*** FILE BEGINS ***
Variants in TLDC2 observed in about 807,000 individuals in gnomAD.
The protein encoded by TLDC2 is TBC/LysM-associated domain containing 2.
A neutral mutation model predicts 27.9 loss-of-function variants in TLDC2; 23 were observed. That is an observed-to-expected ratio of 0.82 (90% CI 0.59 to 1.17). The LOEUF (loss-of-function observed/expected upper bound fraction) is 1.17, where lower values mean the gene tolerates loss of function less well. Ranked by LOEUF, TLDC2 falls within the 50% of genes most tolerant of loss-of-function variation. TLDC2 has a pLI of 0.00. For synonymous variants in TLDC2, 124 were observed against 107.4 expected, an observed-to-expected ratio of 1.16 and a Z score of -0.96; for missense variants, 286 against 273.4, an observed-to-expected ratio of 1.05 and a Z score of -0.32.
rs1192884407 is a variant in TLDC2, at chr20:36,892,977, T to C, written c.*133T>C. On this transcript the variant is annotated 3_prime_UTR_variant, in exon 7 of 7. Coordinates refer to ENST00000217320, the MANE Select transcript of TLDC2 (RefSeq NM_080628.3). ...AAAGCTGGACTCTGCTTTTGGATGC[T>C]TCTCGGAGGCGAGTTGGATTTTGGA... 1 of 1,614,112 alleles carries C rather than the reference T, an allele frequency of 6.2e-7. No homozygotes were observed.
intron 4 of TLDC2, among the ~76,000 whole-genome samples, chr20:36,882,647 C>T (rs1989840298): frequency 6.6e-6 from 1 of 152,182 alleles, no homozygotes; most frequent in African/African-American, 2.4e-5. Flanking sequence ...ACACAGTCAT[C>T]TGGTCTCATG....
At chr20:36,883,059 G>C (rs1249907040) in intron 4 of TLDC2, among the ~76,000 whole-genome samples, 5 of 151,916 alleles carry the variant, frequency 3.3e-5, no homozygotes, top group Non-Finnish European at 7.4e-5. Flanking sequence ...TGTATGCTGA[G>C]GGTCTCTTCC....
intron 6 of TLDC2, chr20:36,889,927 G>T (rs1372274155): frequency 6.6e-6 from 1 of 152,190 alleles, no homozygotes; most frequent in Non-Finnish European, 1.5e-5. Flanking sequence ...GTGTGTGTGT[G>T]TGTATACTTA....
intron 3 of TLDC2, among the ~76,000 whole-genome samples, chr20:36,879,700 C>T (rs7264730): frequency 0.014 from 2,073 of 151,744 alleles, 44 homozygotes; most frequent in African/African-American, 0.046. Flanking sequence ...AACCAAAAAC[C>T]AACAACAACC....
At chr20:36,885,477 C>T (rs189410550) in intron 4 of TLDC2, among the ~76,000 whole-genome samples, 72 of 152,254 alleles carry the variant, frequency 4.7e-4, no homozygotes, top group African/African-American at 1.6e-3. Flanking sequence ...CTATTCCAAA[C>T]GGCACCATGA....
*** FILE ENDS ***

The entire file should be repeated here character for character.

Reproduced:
Variants in TLDC2 observed in about 807,000 individuals in gnomAD.
The protein encoded by TLDC2 is TBC/LysM-associated domain containing 2.
A neutral mutation model predicts 27.9 loss-of-function variants in TLDC2; 23 were observed. That is an observed-to-expected ratio of 0.82 (90% CI 0.59 to 1.17). The LOEUF (loss-of-function observed/expected upper bound fraction) is 1.17, where lower values mean the gene tolerates loss of function less well. Ranked by LOEUF, TLDC2 falls within the 50% of genes most tolerant of loss-of-function variation. TLDC2 has a pLI of 0.00. For synonymous variants in TLDC2, 124 were observed against 107.4 expected, an observed-to-expected ratio of 1.16 and a Z score of -0.96; for missense variants, 286 against 273.4, an observed-to-expected ratio of 1.05 and a Z score of -0.32.
rs1192884407 is a variant in TLDC2, at chr20:36,892,977, T to C, written c.*133T>C. On this transcript the variant is annotated 3_prime_UTR_variant, in exon 7 of 7. Coordinates refer to ENST00000217320, the MANE Select transcript of TLDC2 (RefSeq NM_080628.3). ...AAAGCTGGACTCTGCTTTTGGATGC[T>C]TCTCGGAGGCGAGTTGGATTTTGGA... 1 of 1,614,112 alleles carries C rather than the reference T, an allele frequency of 6.2e-7. No homozygotes were observed.
intron 4 of TLDC2, among the ~76,000 whole-genome samples, chr20:36,882,647 C>T (rs1989840298): frequency 6.6e-6 from 1 of 152,182 alleles, no homozygotes; most frequent in African/African-American, 2.4e-5. Flanking sequence ...ACACAGTCAT[C>T]TGGTCTCATG....
At chr20:36,883,059 G>C (rs1249907040) in intron 4 of TLDC2, among the ~76,000 whole-genome samples, 5 of 151,916 alleles carry the variant, frequency 3.3e-5, no homozygotes, top group Non-Finnish European at 7.4e-5. Flanking sequence ...TGTATGCTGA[G>C]GGTCTCTTCC....
intron 6 of TLDC2, chr20:36,889,927 G>T (rs1372274155): frequency 6.6e-6 from 1 of 152,190 alleles, no homozygotes; most frequent in Non-Finnish European, 1.5e-5. Flanking sequence ...GTGTGTGTGT[G>T]TGTATACTTA....
intron 3 of TLDC2, among the ~76,000 whole-genome samples, chr20:36,879,700 C>T (rs7264730): frequency 0.014 from 2,073 of 151,744 alleles, 44 homozygotes; most frequent in African/African-American, 0.046. Flanking sequence ...AACCAAAAAC[C>T]AACAACAACC....
At chr20:36,885,477 C>T (rs189410550) in intron 4 of TLDC2, among the ~76,000 whole-genome samples, 72 of 152,254 alleles carry the variant, frequency 4.7e-4, no homozygotes, top group African/African-American at 1.6e-3. Flanking sequence ...CTATTCCAAA[C>T]GGCACCATGA....